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1 MBAX 6100 Entrepreneurship and Small Business Management Feasibility Plan – Parts I & II Auntie Carlas Frozen Bread Dough March 20, 2007 Carla Ooyen.

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Presentation on theme: "1 MBAX 6100 Entrepreneurship and Small Business Management Feasibility Plan – Parts I & II Auntie Carlas Frozen Bread Dough March 20, 2007 Carla Ooyen."— Presentation transcript:

1 1 MBAX 6100 Entrepreneurship and Small Business Management Feasibility Plan – Parts I & II Auntie Carlas Frozen Bread Dough March 20, 2007 Carla Ooyen & Masashi Tsuchiya

2 2 Product Concept Frozen Premium Bread Dough The premium quality, flavor, and smell of homemade artisan bread without the hassle of mixing, kneading and forming the dough. Premium quality bread dough sold in the freezer section. At home, the consume thaws, rises, and bakes. Product will be made of natural or organic ingredients Manufacturing will use old dough techniques for premium flavor May offer unusual, specialty or holiday selections such as panettone, stollen, or Greek Easter bread May sell in an oven-safe, recyclable container for added baking convenience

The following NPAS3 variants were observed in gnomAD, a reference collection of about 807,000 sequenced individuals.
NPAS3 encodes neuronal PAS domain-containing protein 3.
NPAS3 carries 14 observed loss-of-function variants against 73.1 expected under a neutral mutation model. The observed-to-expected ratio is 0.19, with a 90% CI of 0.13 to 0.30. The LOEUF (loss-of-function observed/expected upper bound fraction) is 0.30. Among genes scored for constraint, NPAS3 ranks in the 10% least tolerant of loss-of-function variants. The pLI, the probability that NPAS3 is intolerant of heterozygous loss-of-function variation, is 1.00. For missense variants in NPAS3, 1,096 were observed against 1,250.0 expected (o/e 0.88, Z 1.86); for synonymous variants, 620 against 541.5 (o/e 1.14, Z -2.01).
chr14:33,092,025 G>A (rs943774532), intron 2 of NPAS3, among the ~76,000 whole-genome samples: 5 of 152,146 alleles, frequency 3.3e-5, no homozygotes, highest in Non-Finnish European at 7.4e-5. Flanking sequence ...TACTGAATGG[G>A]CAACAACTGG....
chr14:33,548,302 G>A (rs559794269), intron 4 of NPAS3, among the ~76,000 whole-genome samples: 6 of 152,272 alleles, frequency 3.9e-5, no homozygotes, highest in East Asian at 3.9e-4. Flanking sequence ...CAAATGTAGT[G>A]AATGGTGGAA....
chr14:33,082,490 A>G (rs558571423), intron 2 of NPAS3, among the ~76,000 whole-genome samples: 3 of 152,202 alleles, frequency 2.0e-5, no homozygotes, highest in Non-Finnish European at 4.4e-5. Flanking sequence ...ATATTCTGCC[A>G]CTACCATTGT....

3 3 Market value projections in billions of $ $10.50$11.10$11.40$11.70$12.00$11.40$11.20 $11.40$11.50 Market value of all Bread and Roll retail sales in the World 1 $145.7 billion in 2004 (2.4% growth in the past five years) Market value of all Bread and Roll retail sales in the United States 2 $13.5 billion in 2006 (1.3% growth in the past five years) $14.1 billion projected by 2011 Downturn in 2004 due to low-carb diet trend, but market rebounding by 2005 Rhodes International reported in 2006 that sales of Rhodes frozen white bread dough are increasing at 8% annually. 3 Bread market hit bottom in May 2004, demand is stronger now. Vice president of HomAde Foods agrees sales of st quarter have increased. 4 The U.S. governments release of the revised food pyramid is reminding consumers of the importance of whole grains in their diet. 5 Market for bread and related products has been and is expected to continue to be almost flat for the next few years. 6 (Difference in figures from other market size data is due to different source of data) Market Analysis – Size and Growth